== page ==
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Muslim Celebrations

By December 27, 2022Uncategorized

In Islam, there are only three special occasions or celebrations, and all three are related to acts of worship and devotion. We are therefore instructed not to participate in the religious celebrations of other traditions and faiths. Any religious celebrations that non-Muslims have are not days of celebration for Muslims. Therefore, Muslims do not celebrate or partake in Christmas, Easter, Diwali or Passover.

The three celebrations in Islam with each one marking acts of worship are:

Jumuah – Day of Assembly and Congregation

  • A weekly day of celebration on Friday
  • Muslims celebrate being able to worship God and successfully performing the daily duties of the five prescribed ritual devotions for the whole week.
  • A number of etiquettes are connected to this day, such as bathing, wearing clean clothes, and reciting chapter 18 from the Quran.
  • Able men must attend the weekly congregational service which includes a sermon before the prayer.
  • Women may attend this service, but it is not a requirement for them or an obligation to do so.
  • This is a day of extra reward for good deeds. Reciting the Quran, mentioning God and doing other good deeds will provide multiplied reward. The time between Asr, the late afternoon prayer, and Maghrib, post sunset prayer, is a virtuous time for supplications, wherein they are more likely to be answered.

 

Eid al-Fitr – The Celebration of Breaking Fast

  • Occurs once a year, at the end of the month of Ramadan, on the first day of the tenth month of the Islamic lunar calendar
  • Lasts for one day
  • Muslims celebrate the accomplishment of having fasted for a whole month and worshipped God in other ways
  • A number of etiquettes are connected to this day, such as bathing, wearing clean clothes, and not fasting.
  • The day begins with audible glorification and praise of God, then a communal congregational prayer, followed by a sermon.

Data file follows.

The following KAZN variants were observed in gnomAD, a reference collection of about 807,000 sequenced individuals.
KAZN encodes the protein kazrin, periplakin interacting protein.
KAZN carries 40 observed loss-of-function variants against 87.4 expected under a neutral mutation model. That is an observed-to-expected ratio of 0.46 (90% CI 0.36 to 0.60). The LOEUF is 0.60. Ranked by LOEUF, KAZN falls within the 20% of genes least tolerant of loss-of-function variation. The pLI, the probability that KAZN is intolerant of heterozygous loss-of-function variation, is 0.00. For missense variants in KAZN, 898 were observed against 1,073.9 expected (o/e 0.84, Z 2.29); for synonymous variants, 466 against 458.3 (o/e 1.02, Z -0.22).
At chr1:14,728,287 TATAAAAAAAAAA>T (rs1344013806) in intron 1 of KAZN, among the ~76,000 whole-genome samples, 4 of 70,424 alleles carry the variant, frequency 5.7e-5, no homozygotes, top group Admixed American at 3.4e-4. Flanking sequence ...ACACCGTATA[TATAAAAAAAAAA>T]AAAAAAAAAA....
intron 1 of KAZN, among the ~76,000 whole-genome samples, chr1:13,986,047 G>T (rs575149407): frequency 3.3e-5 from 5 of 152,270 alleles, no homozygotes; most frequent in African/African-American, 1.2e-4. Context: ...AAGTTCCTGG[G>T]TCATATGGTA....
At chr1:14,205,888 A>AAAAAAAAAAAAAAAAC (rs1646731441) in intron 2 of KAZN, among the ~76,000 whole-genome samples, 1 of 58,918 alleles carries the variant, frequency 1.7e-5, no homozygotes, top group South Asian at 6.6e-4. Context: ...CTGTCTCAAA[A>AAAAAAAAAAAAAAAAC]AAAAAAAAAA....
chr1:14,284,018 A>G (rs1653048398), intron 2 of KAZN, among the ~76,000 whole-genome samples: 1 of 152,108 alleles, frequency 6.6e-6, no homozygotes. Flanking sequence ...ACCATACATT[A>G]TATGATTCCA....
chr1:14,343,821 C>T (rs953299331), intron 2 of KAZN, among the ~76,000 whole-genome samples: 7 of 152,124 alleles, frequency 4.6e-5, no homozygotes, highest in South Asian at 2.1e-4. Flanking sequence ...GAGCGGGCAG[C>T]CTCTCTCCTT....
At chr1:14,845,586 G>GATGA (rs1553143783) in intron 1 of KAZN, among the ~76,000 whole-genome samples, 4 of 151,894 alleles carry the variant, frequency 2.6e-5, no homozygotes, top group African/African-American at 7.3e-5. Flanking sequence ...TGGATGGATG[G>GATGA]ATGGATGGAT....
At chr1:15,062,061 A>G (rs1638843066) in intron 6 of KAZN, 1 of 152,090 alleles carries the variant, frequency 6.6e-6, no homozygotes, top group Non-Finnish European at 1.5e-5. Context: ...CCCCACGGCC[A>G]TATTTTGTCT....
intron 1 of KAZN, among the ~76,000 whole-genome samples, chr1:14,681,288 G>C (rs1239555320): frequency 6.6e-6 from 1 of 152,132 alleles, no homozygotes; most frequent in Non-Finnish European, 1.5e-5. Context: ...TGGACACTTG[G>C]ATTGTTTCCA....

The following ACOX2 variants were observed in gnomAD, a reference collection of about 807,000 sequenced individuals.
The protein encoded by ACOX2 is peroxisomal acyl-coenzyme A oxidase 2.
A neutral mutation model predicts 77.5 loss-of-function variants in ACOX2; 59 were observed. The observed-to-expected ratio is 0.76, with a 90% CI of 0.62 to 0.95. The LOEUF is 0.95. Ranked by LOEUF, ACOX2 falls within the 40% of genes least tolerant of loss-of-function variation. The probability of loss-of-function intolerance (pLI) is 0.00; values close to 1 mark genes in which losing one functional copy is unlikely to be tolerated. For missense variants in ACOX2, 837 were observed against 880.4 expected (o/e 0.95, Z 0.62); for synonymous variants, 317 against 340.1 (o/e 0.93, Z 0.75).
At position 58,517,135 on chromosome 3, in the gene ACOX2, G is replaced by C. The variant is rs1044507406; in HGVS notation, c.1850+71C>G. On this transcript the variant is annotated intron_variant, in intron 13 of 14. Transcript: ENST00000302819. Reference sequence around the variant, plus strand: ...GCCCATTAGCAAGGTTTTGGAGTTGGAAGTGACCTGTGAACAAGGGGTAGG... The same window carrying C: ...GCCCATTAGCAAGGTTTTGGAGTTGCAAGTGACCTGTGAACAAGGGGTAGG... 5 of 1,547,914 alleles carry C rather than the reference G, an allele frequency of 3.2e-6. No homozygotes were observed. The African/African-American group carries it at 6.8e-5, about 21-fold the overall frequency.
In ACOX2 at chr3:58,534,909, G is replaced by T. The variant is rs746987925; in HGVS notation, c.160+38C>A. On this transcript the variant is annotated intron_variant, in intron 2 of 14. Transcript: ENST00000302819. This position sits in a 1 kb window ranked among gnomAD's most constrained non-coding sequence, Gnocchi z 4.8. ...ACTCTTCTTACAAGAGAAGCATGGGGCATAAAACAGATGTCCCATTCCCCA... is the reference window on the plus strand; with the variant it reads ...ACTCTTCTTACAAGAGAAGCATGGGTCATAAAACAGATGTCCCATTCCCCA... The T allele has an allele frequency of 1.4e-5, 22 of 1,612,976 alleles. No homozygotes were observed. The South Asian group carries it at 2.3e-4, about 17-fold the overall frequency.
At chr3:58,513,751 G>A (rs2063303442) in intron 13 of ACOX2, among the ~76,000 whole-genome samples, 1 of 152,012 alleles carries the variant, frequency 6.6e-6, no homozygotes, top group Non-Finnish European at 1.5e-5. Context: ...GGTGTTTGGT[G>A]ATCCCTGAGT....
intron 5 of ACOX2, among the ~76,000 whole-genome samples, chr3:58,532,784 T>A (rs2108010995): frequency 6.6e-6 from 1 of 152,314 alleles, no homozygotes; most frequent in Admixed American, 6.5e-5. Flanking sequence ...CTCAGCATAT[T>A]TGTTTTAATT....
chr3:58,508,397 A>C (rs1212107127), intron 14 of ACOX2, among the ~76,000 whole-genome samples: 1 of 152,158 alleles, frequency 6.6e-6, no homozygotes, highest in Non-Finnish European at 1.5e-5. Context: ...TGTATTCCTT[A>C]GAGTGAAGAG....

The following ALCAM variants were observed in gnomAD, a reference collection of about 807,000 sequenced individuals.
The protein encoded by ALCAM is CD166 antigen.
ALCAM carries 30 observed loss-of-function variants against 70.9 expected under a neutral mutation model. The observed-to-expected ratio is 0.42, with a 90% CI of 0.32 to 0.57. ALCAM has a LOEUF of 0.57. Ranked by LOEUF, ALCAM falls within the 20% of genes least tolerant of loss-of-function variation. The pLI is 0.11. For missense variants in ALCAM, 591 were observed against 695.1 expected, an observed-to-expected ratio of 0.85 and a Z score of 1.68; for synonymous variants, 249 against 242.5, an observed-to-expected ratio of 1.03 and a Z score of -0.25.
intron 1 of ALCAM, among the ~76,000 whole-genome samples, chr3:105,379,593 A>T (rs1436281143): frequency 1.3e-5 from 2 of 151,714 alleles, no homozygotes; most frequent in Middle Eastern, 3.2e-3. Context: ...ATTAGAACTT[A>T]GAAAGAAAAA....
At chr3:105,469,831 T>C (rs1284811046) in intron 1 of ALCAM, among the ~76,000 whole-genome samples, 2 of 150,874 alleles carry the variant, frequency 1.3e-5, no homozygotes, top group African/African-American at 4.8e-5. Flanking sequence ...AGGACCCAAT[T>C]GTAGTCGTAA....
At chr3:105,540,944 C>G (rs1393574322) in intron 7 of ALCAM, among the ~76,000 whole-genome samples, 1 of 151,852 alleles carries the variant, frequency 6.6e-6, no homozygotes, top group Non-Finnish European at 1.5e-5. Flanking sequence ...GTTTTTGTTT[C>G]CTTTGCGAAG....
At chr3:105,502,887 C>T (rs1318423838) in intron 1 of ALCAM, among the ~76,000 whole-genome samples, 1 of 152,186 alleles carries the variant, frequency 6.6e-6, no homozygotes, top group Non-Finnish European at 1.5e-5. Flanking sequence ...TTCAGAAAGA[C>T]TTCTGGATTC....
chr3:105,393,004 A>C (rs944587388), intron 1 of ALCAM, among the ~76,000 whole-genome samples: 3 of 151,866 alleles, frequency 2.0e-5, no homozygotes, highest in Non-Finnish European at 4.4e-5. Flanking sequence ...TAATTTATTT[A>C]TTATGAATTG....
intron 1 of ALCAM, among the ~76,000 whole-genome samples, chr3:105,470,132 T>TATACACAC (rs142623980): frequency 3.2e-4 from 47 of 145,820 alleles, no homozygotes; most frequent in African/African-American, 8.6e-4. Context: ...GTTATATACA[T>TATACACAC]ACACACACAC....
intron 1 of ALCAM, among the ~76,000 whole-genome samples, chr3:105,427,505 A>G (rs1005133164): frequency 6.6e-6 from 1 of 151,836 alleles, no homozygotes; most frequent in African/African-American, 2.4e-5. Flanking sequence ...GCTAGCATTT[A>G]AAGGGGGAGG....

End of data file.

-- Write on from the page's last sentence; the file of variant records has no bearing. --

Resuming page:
• Women and children are encouraged to participate in the communal congregation and to be a part of the prayer service.
  • It is a day of thanking God and showing happiness and joy.
  • Prior to the congregational service on the morning of the holiday, the head of every household is required to give a charity gift of staple foods to those less fortunate from the community to allow them to partake in the festivities on this occasion.

 

Eid al-Adha – The Celebration of Ritual Sacrifice

  • Occurs once a year, in the last month of the Islamic lunar calendar, specifically on the 10th of the month
  • Lasts for four days
  • Muslims celebrate the acts of worship they performed in the previous ten days, known as the Best Days of the Year.
  • Several etiquettes are connected to this day, such as bathing, wearing clean clothes, and not fasting.
  • The day begins with glorification and praise of God, then a communal congregational prayer, followed by a sermon.
  • Women and children are encouraged to participate in the communal congregation and to be part of the prayer service.
  • It is a day of thanking God and showing happiness and joy.
  • It is recommended for financially able Muslims to offer a ritual animal sacrifice on this day after the communal congregation. The time of offering this sacrifice extends to the following three days.

 

Conclusion

Islam teaches us to have our own identity in all aspects of life. This exceptional identity includes religious celebrations. The messenger Muhammad taught us through his life and example how to stand out and not to follow the ways of others. There is an Islamic exceptionalism when it comes to religious celebrations. We are taught to maintain that exceptionalism and not to lose ourselves by resisting assimilation.

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Hilma filemon
Hilma filemon
1 month ago

Jazzak Allahu khair

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